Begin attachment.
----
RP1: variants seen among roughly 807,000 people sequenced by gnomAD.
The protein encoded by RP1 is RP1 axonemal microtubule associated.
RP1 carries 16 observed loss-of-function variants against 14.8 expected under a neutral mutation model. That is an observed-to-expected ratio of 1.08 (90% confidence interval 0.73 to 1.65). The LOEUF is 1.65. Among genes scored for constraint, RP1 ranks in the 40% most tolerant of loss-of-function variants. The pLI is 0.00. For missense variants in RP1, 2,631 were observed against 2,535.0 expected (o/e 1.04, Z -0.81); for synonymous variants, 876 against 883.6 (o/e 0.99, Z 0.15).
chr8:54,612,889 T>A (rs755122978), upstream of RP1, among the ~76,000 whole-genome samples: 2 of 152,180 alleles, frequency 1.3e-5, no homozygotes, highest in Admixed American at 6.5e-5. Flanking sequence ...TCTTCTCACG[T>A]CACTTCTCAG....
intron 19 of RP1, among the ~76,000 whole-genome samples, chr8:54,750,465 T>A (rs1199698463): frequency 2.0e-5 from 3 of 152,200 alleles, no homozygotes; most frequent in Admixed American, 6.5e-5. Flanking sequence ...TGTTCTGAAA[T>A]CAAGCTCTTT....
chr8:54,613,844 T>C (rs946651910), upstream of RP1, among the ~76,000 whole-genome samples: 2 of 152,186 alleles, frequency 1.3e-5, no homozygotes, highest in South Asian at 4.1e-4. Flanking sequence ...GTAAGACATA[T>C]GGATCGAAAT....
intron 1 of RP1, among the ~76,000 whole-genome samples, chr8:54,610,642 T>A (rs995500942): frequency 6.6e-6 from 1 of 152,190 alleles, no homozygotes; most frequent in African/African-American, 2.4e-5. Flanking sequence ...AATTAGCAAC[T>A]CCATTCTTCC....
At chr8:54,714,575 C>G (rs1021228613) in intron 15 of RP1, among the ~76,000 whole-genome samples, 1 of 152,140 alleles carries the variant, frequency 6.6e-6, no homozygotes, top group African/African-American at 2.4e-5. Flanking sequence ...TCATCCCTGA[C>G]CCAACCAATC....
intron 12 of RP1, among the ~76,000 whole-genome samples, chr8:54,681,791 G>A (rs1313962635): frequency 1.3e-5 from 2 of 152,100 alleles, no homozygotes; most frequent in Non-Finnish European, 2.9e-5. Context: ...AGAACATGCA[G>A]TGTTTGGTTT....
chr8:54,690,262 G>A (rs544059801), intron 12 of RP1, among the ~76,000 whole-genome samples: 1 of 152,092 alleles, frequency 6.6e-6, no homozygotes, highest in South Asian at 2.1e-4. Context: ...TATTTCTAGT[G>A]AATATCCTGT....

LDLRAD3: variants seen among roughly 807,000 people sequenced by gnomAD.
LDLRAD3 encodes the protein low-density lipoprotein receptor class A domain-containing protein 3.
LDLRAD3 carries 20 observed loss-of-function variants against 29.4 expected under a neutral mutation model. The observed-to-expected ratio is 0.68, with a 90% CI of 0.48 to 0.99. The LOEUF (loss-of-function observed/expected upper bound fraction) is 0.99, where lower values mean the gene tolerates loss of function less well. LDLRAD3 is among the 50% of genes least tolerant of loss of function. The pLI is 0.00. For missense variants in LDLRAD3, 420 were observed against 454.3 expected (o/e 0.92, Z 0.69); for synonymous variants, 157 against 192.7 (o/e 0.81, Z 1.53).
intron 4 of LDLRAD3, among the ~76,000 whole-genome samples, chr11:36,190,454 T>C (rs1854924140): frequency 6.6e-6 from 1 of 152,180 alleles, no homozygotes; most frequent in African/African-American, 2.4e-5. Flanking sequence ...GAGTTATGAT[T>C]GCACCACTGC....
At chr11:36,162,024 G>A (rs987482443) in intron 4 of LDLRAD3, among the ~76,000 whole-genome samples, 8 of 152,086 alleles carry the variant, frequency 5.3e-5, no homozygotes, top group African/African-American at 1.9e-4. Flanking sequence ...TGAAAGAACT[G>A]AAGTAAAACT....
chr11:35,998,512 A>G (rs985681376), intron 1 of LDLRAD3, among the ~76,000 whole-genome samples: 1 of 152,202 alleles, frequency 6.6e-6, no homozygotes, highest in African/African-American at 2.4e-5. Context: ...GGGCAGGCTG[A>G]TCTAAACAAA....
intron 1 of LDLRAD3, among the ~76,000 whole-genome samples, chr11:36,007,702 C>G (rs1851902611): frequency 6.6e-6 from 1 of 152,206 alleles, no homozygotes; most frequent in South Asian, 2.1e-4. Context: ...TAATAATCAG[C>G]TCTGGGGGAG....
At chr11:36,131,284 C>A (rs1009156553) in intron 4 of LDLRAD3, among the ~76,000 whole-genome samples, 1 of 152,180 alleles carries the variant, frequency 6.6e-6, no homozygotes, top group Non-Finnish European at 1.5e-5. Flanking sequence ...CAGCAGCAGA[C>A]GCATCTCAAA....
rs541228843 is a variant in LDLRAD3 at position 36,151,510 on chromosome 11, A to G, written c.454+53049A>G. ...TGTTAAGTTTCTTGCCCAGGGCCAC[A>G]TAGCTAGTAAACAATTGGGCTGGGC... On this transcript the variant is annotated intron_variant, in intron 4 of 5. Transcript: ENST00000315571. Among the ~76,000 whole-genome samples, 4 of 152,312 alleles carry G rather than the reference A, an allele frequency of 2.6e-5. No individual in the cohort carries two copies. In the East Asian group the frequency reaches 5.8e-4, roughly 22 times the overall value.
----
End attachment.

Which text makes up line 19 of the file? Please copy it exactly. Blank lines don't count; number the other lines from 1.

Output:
rs541228843 is a variant in LDLRAD3 at position 36,151,510 on chromosome 11, A to G, written c.454+53049A>G. ...TGTTAAGTTTCTTGCCCAGGGCCAC[A>G]TAGCTAGTAAACAATTGGGCTGGGC... On this transcript the variant is annotated intron_variant, in intron 4 of 5. Transcript: ENST00000315571. Among the ~76,000 whole-genome samples, 4 of 152,312 alleles carry G rather than the reference A, an allele frequency of 2.6e-5. No individual in the cohort carries two copies. In the East Asian group the frequency reaches 5.8e-4, roughly 22 times the overall value.